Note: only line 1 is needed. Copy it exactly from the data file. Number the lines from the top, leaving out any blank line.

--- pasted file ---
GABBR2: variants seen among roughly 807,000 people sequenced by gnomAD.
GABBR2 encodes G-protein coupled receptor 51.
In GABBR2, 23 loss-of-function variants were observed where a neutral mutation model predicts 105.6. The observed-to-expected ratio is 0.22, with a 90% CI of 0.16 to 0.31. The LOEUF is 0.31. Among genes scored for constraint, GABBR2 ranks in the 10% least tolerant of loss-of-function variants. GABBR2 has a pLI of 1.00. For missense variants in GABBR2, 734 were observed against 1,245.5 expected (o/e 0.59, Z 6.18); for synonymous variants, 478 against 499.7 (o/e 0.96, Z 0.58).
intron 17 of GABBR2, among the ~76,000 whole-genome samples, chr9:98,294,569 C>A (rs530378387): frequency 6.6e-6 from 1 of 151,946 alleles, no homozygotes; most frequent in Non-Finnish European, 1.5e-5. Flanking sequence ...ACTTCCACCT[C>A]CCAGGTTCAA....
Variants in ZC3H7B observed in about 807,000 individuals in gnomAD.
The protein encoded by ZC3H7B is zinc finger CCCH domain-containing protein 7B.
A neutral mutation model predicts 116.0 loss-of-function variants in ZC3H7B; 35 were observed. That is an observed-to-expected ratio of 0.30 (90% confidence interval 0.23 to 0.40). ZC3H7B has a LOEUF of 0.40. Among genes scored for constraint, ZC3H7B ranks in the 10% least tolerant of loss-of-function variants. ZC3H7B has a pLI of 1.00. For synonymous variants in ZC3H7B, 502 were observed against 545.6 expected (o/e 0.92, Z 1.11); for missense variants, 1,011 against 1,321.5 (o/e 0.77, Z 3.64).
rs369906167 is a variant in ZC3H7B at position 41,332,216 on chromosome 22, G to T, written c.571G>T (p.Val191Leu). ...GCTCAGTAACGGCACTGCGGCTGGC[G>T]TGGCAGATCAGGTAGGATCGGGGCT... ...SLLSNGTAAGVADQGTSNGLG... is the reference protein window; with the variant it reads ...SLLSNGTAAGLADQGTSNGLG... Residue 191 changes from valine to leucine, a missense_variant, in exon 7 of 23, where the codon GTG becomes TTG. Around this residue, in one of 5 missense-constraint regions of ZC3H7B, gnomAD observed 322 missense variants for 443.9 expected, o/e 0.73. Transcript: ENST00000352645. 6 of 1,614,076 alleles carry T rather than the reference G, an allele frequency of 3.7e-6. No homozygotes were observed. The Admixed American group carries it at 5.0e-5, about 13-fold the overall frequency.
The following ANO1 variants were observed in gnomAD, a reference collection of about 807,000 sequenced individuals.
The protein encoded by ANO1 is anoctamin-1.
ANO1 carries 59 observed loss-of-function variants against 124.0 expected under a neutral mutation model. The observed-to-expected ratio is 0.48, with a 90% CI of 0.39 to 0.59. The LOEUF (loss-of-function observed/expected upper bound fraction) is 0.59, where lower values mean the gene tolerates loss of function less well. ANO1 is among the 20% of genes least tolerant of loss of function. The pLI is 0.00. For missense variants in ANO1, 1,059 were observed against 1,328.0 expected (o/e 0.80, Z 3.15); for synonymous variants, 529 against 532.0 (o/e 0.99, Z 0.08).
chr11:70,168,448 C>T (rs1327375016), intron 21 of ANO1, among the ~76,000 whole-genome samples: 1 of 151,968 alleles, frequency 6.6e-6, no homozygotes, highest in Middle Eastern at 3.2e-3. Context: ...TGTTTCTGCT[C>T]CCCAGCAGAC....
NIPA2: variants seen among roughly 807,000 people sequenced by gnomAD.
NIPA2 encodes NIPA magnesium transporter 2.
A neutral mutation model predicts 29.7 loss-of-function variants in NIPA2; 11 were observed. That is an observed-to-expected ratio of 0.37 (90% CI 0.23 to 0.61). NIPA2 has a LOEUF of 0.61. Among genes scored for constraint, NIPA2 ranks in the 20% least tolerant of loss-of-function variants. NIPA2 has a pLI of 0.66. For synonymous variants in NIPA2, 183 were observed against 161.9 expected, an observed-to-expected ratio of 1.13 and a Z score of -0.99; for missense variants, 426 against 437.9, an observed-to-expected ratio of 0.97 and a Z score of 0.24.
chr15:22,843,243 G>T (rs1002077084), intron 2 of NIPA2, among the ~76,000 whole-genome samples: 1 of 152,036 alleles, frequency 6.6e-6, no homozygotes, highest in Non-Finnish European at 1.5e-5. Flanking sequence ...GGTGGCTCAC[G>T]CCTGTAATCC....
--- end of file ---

GABBR2: variants seen among roughly 807,000 people sequenced by gnomAD.